Rating: 2.5

Monsters & Tactics
There are few different monsters in the game (I don´t think it is more than 10 actually) and the only obvious difference is that some could cast area spells and the rest attacks in melee. There are no tactics whatsoever to use since all combats are in realtim. You just get in, target your opponent, and watch who will die first. You could use an item during combat however but it is most of the time not practical because things goes so fast.

I am a little dissappointed that I could circumvent the obstacles of defeating Cam Tethe, the spectres and Abraxus by just leaving the level, rest and return. But the game don´t allow for much more varietions in combat. Sure there are a few spells, but I have never used them. It feels they are not worth it. First you have to switch item to your catalyst, then cast a spell, switch back to your sword and then issue the attack command on your foe. In that time you would probably be hit a few times and the spell does not do more damage than having a lucky throw with your sword.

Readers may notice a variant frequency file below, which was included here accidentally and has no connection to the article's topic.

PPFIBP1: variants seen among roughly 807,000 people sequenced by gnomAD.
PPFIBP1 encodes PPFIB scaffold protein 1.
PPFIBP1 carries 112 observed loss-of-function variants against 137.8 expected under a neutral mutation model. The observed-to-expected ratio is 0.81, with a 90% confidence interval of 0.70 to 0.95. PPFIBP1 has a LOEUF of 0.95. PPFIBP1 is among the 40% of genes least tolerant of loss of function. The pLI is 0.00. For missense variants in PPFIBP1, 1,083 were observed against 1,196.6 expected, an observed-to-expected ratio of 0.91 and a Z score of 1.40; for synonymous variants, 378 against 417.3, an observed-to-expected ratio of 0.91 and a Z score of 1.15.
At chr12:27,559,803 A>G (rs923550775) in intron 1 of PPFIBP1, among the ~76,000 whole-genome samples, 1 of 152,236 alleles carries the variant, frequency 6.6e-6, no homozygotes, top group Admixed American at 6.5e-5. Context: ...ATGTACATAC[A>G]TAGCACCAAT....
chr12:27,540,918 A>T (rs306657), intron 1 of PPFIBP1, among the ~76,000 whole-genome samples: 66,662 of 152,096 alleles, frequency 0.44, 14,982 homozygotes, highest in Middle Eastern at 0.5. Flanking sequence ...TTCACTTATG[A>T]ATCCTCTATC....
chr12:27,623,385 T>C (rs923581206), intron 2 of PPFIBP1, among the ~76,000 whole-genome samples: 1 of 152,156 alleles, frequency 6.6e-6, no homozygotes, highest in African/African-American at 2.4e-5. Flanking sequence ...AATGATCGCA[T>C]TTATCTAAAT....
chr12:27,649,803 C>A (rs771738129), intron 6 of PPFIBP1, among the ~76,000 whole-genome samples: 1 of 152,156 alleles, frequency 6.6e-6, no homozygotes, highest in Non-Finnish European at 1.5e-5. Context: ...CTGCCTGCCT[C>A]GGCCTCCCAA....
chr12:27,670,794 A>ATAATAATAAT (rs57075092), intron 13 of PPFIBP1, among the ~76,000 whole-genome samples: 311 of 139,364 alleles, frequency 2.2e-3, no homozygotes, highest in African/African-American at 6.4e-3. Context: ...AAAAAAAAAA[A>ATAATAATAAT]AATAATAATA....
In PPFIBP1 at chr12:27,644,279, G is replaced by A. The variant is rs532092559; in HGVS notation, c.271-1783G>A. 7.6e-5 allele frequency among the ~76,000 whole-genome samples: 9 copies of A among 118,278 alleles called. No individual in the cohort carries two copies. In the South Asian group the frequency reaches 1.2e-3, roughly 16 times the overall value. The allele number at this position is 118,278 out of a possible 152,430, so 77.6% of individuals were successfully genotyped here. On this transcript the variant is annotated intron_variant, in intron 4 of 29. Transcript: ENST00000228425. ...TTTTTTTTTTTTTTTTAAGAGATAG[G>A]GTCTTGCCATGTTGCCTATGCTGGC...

One more thing. There are a fixed number of wandering enemies. There is no such thing as random encounters. That means that you can´t go slaying monsters in hope of increasing your attributes and then return to try to defeat your strong foes. I don´t know how I would have defeated my hard enemies without my special tactic above.

I find ranged weapons worthless,since the gaming area is so small. You manage one shot and then the enemy is upon you and before then you need to be fast to switch back to your ordinary melee weapon.

There are no A.I whatsoever in the enemy. They just run to you and attacks until killed. Your only way to affect the combat is to kill many lesser enemies and hope to increase your levels or to try to use a spell/item in the midst of the less than 10 seconds long combats.

Rating: 2

Map design
Apart from the map in the manual you do find an orb to use that shows you a bird´s view of your immediate surroundings. I found it quite useless because the distance it shows is too small.